Thursday, 30 November 2017

At every stage Brexiters fool themselves - and the public

So after months of denial and bluster, the government seems to have agreed to pay for the commitments it has made as an EU member. The figure is reported variously as being around £50bn or around €50bn (the collapse of sterling makes this discrepancy less significant than it would have been pre-Referendum and, revealingly in itself, the pound rose sharply as the news broke). This would appear to be pretty much the entire net figure anticipated by the EU which implies that the UK have agreed to all or most of the items and categories of expenditure identified by the EU. I put it in that clumsy way because, of course, what is to be agreed is the method of calculation not the sum itself.

This was always inevitable not only if the talks were to progress to stage two but if the UK was not to become an international pariah, untrusted in any future deal making whether with the EU or anyone else. It would have been quicker, and less profligate of good will in the negotiations, to have accepted this inevitability from the beginning.

Brexiters like Boris Johnson were fooling themselves in saying that the EU could ‘go whistle’ for the money. But, worse than that, they were fooling the public, who are now left with the impression that, somehow, the EU have extracted a payment which need never have been made or was not really owed, thus contributing to the further souring of the Brexit process.

But even having now accepted that the money will have to paid, Brexiters are still fooling themselves and the public. They do so in two ways. First, they (and for that matter many journalists) talk about this as the ‘bill for Brexit’. It isn’t. Nor is it the ‘cost of Brexit’, which will be – indeed already is – far, far higher. It is the last part of the bill for EU membership, entailing payments that would have been made at some time had Britain remained in the EU (it bears saying that some remainers, too, seem not to fully grasp this).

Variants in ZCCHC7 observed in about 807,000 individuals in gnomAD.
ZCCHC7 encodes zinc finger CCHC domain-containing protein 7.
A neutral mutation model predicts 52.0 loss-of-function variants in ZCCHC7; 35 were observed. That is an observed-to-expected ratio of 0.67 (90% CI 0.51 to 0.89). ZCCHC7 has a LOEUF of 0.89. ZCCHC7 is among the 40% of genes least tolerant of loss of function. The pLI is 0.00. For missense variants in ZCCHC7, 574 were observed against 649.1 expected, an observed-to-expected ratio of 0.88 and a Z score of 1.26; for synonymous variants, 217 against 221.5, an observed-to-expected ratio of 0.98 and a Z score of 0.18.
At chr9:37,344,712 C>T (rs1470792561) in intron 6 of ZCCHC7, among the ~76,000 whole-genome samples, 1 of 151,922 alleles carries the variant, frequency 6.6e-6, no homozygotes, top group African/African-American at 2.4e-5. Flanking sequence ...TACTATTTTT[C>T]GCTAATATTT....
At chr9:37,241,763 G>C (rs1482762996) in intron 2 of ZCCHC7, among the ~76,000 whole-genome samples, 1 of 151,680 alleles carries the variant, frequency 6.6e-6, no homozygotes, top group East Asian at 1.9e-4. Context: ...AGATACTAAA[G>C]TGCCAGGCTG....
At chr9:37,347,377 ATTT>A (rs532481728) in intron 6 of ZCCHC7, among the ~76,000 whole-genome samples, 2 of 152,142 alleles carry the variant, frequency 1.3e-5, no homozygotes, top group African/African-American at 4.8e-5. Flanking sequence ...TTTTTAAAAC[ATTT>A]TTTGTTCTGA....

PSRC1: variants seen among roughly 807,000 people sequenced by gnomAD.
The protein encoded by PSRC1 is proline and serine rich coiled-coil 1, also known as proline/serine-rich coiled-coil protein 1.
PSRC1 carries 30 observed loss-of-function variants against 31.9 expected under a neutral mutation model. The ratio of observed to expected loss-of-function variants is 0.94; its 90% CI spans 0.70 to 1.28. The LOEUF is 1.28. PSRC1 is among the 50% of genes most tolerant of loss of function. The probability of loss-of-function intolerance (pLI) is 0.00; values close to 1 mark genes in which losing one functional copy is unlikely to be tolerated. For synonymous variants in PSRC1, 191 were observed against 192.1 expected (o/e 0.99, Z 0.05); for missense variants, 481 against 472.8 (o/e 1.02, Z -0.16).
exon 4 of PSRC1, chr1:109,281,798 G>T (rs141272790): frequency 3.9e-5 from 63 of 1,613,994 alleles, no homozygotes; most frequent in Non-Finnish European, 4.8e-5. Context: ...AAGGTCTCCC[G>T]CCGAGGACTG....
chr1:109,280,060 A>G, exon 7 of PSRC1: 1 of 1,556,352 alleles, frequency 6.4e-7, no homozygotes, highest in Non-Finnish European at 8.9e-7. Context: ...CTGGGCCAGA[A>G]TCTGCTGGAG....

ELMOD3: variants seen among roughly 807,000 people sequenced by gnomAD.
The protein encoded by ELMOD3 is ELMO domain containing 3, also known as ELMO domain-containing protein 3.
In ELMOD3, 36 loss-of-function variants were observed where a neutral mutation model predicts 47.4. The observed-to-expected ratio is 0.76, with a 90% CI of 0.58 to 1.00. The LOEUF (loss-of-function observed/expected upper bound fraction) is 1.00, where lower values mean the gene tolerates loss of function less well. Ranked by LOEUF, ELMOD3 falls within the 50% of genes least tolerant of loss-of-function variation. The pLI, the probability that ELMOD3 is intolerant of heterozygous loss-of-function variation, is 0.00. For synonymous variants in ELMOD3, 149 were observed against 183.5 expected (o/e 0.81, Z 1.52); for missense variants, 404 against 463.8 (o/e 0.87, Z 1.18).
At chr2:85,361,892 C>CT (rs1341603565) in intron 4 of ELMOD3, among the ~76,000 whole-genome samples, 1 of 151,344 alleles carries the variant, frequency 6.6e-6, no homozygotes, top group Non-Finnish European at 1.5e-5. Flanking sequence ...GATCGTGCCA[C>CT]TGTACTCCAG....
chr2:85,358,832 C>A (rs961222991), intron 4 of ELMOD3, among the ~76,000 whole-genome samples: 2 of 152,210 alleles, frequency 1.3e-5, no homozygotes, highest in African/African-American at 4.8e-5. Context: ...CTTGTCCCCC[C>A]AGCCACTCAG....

Second, and far more problematic, they are talking as if it is a payment for a future trade deal – and is in some way contingent upon the nature of that deal, so that the Brexit Ultras are threatening to vote down the payment if they are not happy with the trade deal. This is incorrect because all that the financial settlement does is to open the door to trade talks; it does not imply any particular outcome to those talks and does not preclude a ‘no deal’ outcome. Perhaps Brexiters think they are going to try to pull the same trick they did over sequencing itself when having insisted they would not accept the stage 1 – stage 2 sequence they did so at the start of the negotiations but, since then, have kept trying, and failing, to re-open the argument. As we have seen, that has not worked and nor will any attempt to revisit the financial settlement if the trade talks fail, or fail to deliver what Brexiters want (which seems likely as many Brexiters still seem to expect identical trade terms to being an EU member).